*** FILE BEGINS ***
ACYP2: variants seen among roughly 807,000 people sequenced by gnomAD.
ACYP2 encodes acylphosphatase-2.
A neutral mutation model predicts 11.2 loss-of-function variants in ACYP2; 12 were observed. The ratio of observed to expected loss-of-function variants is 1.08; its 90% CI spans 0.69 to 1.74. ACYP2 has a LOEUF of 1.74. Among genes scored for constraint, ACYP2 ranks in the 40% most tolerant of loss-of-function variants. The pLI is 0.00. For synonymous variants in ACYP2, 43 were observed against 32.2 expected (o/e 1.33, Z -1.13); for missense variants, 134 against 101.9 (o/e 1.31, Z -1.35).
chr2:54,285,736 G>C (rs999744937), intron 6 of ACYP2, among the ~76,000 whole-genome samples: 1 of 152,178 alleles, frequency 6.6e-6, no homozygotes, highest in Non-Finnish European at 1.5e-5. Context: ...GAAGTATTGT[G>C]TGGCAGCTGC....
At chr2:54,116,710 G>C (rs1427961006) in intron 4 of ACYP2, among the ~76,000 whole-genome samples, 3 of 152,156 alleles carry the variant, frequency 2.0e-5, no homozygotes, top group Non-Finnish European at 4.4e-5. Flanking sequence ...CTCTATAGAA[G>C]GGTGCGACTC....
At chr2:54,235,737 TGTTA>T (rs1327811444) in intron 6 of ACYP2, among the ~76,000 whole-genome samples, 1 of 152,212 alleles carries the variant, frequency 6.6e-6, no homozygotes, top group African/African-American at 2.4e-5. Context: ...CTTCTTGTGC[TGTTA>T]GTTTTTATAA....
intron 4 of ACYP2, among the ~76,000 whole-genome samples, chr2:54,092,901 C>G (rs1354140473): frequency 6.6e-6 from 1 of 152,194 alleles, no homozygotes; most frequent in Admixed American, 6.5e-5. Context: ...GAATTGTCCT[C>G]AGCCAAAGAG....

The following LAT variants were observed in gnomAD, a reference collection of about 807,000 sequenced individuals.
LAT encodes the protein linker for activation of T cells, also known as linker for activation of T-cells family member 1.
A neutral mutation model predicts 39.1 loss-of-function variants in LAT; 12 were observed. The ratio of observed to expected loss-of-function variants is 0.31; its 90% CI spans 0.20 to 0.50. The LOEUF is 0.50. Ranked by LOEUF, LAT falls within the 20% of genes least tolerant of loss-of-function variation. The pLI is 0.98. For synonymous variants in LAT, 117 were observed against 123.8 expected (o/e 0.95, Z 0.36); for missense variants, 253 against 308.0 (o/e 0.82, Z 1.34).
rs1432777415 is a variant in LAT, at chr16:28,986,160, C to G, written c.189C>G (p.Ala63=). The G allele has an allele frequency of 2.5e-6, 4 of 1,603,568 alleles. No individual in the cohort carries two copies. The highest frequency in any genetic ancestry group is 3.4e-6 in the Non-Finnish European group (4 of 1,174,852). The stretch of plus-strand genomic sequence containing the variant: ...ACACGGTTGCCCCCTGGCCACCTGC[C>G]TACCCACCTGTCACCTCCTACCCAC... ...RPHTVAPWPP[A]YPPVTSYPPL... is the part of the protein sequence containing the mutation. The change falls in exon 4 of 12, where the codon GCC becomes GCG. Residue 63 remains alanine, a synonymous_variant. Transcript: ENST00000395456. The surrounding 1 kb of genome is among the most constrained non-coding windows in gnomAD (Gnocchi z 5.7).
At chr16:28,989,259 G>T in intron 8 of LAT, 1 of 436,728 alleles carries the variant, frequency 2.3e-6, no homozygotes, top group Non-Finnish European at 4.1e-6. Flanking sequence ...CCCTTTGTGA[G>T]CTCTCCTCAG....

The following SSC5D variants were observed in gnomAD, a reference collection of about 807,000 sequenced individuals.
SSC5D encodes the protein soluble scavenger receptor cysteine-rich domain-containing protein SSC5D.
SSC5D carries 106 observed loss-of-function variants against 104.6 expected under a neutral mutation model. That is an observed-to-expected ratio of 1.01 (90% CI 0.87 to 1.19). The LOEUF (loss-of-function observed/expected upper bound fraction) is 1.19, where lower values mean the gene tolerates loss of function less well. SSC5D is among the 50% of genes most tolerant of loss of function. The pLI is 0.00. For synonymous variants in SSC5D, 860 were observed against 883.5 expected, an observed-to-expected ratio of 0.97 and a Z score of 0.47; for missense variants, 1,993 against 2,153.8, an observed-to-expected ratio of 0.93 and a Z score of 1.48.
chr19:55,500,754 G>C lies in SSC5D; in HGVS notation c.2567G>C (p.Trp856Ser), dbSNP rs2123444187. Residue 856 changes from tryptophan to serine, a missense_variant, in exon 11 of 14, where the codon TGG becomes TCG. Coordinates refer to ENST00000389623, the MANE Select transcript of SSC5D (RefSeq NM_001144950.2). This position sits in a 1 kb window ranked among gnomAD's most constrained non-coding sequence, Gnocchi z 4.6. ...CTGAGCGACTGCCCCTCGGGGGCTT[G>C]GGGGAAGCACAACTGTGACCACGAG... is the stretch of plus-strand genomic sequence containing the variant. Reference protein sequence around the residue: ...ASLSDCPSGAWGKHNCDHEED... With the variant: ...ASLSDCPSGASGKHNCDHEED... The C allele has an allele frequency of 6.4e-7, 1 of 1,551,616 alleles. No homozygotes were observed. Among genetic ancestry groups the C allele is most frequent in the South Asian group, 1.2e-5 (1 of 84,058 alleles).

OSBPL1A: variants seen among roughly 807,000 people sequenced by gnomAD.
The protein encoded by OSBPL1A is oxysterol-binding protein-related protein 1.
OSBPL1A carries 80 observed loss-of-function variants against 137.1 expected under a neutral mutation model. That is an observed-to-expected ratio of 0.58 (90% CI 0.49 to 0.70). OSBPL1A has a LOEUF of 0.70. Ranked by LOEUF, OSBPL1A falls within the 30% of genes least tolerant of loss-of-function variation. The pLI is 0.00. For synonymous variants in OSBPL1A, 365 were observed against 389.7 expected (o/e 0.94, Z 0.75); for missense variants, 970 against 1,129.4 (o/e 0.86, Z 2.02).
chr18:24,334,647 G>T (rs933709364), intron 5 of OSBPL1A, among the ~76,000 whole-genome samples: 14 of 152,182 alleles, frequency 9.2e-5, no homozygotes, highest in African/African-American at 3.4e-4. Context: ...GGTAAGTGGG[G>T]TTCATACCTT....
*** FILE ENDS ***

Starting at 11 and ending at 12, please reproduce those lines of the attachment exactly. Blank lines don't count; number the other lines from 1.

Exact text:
rs1432777415 is a variant in LAT, at chr16:28,986,160, C to G, written c.189C>G (p.Ala63=). The G allele has an allele frequency of 2.5e-6, 4 of 1,603,568 alleles. No individual in the cohort carries two copies. The highest frequency in any genetic ancestry group is 3.4e-6 in the Non-Finnish European group (4 of 1,174,852). The stretch of plus-strand genomic sequence containing the variant: ...ACACGGTTGCCCCCTGGCCACCTGC[C>G]TACCCACCTGTCACCTCCTACCCAC... ...RPHTVAPWPP[A]YPPVTSYPPL... is the part of the protein sequence containing the mutation. The change falls in exon 4 of 12, where the codon GCC becomes GCG. Residue 63 remains alanine, a synonymous_variant. Transcript: ENST00000395456. The surrounding 1 kb of genome is among the most constrained non-coding windows in gnomAD (Gnocchi z 5.7).
At chr16:28,989,259 G>T in intron 8 of LAT, 1 of 436,728 alleles carries the variant, frequency 2.3e-6, no homozygotes, top group Non-Finnish European at 4.1e-6. Flanking sequence ...CCCTTTGTGA[G>T]CTCTCCTCAG....